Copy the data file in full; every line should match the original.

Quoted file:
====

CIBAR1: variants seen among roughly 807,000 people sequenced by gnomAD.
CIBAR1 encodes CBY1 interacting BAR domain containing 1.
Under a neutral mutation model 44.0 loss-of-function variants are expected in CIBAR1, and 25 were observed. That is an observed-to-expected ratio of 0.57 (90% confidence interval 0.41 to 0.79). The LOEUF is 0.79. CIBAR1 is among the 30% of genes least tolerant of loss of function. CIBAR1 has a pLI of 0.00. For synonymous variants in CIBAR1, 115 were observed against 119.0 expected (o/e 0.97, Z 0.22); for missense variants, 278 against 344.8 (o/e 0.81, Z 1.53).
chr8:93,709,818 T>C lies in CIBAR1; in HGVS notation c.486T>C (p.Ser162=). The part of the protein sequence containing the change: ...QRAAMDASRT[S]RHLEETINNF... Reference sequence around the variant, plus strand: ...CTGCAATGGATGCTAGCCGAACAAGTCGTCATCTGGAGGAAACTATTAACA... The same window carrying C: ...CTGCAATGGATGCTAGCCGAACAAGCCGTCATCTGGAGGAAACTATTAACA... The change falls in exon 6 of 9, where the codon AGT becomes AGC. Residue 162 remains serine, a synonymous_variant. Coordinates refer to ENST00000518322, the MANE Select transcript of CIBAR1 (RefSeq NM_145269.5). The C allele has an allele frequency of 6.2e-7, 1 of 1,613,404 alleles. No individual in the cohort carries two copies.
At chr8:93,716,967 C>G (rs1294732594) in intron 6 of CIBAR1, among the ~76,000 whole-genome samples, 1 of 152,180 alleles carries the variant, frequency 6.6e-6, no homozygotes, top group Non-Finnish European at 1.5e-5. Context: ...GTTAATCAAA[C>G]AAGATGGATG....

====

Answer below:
CIBAR1: variants seen among roughly 807,000 people sequenced by gnomAD.
CIBAR1 encodes CBY1 interacting BAR domain containing 1.
Under a neutral mutation model 44.0 loss-of-function variants are expected in CIBAR1, and 25 were observed. That is an observed-to-expected ratio of 0.57 (90% confidence interval 0.41 to 0.79). The LOEUF is 0.79. CIBAR1 is among the 30% of genes least tolerant of loss of function. CIBAR1 has a pLI of 0.00. For synonymous variants in CIBAR1, 115 were observed against 119.0 expected (o/e 0.97, Z 0.22); for missense variants, 278 against 344.8 (o/e 0.81, Z 1.53).
chr8:93,709,818 T>C lies in CIBAR1; in HGVS notation c.486T>C (p.Ser162=). The part of the protein sequence containing the change: ...QRAAMDASRT[S]RHLEETINNF... Reference sequence around the variant, plus strand: ...CTGCAATGGATGCTAGCCGAACAAGTCGTCATCTGGAGGAAACTATTAACA... The same window carrying C: ...CTGCAATGGATGCTAGCCGAACAAGCCGTCATCTGGAGGAAACTATTAACA... The change falls in exon 6 of 9, where the codon AGT becomes AGC. Residue 162 remains serine, a synonymous_variant. Coordinates refer to ENST00000518322, the MANE Select transcript of CIBAR1 (RefSeq NM_145269.5). The C allele has an allele frequency of 6.2e-7, 1 of 1,613,404 alleles. No individual in the cohort carries two copies.
At chr8:93,716,967 C>G (rs1294732594) in intron 6 of CIBAR1, among the ~76,000 whole-genome samples, 1 of 152,180 alleles carries the variant, frequency 6.6e-6, no homozygotes, top group Non-Finnish European at 1.5e-5. Context: ...GTTAATCAAA[C>G]AAGATGGATG....